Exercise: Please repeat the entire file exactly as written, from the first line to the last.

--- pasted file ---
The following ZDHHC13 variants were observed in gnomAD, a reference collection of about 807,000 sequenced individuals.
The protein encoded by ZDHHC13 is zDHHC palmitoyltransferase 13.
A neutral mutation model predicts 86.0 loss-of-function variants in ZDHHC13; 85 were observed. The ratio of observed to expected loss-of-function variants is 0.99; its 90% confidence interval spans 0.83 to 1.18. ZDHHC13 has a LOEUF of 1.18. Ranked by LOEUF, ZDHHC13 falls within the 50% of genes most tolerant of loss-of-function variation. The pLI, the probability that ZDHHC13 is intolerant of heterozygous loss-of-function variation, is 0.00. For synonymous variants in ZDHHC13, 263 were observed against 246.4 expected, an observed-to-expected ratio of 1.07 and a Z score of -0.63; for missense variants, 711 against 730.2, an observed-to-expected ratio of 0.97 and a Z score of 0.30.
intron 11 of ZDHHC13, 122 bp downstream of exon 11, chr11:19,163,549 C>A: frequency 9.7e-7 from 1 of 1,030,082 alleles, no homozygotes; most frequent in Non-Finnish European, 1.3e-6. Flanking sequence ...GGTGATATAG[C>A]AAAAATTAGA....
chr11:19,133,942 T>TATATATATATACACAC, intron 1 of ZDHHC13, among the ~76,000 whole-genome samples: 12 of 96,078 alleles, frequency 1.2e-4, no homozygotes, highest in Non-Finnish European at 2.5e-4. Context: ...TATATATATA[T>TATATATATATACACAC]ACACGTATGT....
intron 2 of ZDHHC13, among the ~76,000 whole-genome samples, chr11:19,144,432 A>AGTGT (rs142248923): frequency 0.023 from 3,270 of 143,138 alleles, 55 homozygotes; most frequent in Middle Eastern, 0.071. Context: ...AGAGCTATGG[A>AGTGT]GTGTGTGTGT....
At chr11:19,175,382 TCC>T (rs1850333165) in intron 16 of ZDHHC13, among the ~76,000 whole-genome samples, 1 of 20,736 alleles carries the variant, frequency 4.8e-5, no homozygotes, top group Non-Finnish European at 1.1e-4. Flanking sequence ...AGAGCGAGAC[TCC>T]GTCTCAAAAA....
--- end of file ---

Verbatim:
The following ZDHHC13 variants were observed in gnomAD, a reference collection of about 807,000 sequenced individuals.
The protein encoded by ZDHHC13 is zDHHC palmitoyltransferase 13.
A neutral mutation model predicts 86.0 loss-of-function variants in ZDHHC13; 85 were observed. The ratio of observed to expected loss-of-function variants is 0.99; its 90% confidence interval spans 0.83 to 1.18. ZDHHC13 has a LOEUF of 1.18. Ranked by LOEUF, ZDHHC13 falls within the 50% of genes most tolerant of loss-of-function variation. The pLI, the probability that ZDHHC13 is intolerant of heterozygous loss-of-function variation, is 0.00. For synonymous variants in ZDHHC13, 263 were observed against 246.4 expected, an observed-to-expected ratio of 1.07 and a Z score of -0.63; for missense variants, 711 against 730.2, an observed-to-expected ratio of 0.97 and a Z score of 0.30.
intron 11 of ZDHHC13, 122 bp downstream of exon 11, chr11:19,163,549 C>A: frequency 9.7e-7 from 1 of 1,030,082 alleles, no homozygotes; most frequent in Non-Finnish European, 1.3e-6. Flanking sequence ...GGTGATATAG[C>A]AAAAATTAGA....
chr11:19,133,942 T>TATATATATATACACAC, intron 1 of ZDHHC13, among the ~76,000 whole-genome samples: 12 of 96,078 alleles, frequency 1.2e-4, no homozygotes, highest in Non-Finnish European at 2.5e-4. Context: ...TATATATATA[T>TATATATATATACACAC]ACACGTATGT....
intron 2 of ZDHHC13, among the ~76,000 whole-genome samples, chr11:19,144,432 A>AGTGT (rs142248923): frequency 0.023 from 3,270 of 143,138 alleles, 55 homozygotes; most frequent in Middle Eastern, 0.071. Context: ...AGAGCTATGG[A>AGTGT]GTGTGTGTGT....
At chr11:19,175,382 TCC>T (rs1850333165) in intron 16 of ZDHHC13, among the ~76,000 whole-genome samples, 1 of 20,736 alleles carries the variant, frequency 4.8e-5, no homozygotes, top group Non-Finnish European at 1.1e-4. Flanking sequence ...AGAGCGAGAC[TCC>T]GTCTCAAAAA....